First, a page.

The U of M's plan to make human research safer is pretty good, review finds

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After some scathing reviews that found serious issues with the way the University of Minnesota's Department of Psychiatry handled human research trials, the U completely rewrote its standards and practices for the program.

And that new plan is apparently a pretty good one, as long as the university follows through, according to a new report from the Office of the Legislative Auditor.

The University of Minnesota suspended enrollment in human trials last March, after those earlier reviews found serious problems with how the psychiatry department handled the case of Dan Markingson, who had been diagnosed with schizophrenia. He took his own life in 2004 while taking part in a drug trial.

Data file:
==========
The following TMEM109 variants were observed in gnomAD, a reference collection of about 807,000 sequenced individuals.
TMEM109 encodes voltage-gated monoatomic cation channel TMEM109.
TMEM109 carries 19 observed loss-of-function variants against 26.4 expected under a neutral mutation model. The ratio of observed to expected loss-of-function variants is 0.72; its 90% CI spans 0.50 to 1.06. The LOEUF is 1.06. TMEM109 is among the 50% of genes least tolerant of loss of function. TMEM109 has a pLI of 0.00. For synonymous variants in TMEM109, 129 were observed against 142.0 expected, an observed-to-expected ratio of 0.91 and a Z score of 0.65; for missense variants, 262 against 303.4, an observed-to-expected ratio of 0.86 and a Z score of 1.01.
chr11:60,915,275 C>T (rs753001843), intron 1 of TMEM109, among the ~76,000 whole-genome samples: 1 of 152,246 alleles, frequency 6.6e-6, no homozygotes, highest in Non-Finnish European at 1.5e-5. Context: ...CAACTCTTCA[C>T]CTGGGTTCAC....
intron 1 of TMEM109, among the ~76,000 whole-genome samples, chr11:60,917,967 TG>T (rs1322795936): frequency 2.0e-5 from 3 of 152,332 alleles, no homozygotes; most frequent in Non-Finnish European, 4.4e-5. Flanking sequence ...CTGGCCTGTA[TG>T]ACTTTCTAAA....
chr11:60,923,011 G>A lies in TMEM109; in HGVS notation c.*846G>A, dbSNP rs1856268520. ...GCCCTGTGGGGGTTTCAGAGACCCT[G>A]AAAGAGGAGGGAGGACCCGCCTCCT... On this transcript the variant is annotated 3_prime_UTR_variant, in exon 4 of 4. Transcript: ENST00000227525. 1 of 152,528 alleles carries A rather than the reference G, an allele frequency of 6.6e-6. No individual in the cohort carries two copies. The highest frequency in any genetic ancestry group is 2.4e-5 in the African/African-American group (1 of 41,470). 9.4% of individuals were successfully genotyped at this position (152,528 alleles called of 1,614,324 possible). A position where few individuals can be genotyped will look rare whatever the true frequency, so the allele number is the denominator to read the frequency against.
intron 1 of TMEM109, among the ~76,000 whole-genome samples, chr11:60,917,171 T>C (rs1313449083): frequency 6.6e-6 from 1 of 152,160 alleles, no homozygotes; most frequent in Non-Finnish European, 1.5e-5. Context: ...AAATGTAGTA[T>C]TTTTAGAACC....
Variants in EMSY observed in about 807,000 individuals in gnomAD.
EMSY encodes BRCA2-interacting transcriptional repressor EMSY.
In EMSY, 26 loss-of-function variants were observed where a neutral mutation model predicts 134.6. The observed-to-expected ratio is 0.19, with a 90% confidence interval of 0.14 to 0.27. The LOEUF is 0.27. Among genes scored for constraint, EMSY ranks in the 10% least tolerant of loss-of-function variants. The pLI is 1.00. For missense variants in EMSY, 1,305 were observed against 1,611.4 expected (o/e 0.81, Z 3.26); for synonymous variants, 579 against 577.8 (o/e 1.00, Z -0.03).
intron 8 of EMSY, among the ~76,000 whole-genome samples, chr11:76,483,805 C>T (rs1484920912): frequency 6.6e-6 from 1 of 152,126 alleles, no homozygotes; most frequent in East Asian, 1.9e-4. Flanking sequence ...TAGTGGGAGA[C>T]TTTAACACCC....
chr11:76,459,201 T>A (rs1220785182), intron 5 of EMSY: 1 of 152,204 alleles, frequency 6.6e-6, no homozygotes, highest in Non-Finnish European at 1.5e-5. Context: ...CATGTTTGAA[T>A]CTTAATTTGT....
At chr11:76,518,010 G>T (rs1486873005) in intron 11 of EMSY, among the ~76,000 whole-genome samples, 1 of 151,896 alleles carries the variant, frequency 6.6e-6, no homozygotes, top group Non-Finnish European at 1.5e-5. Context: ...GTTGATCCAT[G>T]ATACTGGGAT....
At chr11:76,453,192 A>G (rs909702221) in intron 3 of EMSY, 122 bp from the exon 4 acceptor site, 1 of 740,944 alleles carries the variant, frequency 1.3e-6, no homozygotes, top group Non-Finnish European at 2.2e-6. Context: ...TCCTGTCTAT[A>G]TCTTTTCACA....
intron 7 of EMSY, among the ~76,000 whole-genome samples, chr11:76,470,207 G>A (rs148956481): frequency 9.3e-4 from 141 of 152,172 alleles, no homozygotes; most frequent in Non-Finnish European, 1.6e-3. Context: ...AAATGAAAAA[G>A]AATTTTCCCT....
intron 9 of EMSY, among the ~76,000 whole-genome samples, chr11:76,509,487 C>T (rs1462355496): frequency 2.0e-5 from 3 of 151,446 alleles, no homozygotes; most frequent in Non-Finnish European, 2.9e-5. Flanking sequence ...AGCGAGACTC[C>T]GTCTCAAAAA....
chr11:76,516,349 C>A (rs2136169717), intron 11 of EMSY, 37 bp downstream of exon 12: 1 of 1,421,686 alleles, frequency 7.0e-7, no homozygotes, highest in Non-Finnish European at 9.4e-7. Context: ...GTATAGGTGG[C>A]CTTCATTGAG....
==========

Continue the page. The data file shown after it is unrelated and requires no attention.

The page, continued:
Last summer the U outlined and approved a full revamp of how it conducts human trials, which the auditor's office did a review of.

Because things are still being implemented (the audit called the reform efforts "fluid"), the review from the legislative auditor's office can't offer a "definitive judgment" on whether the plan will be effective.

But, based on the goals and current progress that's been made, the audit says things are in good shape.

They called the reforms "ambitious and far-reaching," and noted that some changes have already been made (while other, bigger ones have to go through the U's governance system before they can be adopted).

"If the University accomplishes and sustains all of the proposed changes, we think it will significantly strengthen protections for human research subjects," the auditor's report says.

The full review is 31 pages, and you can read it here.

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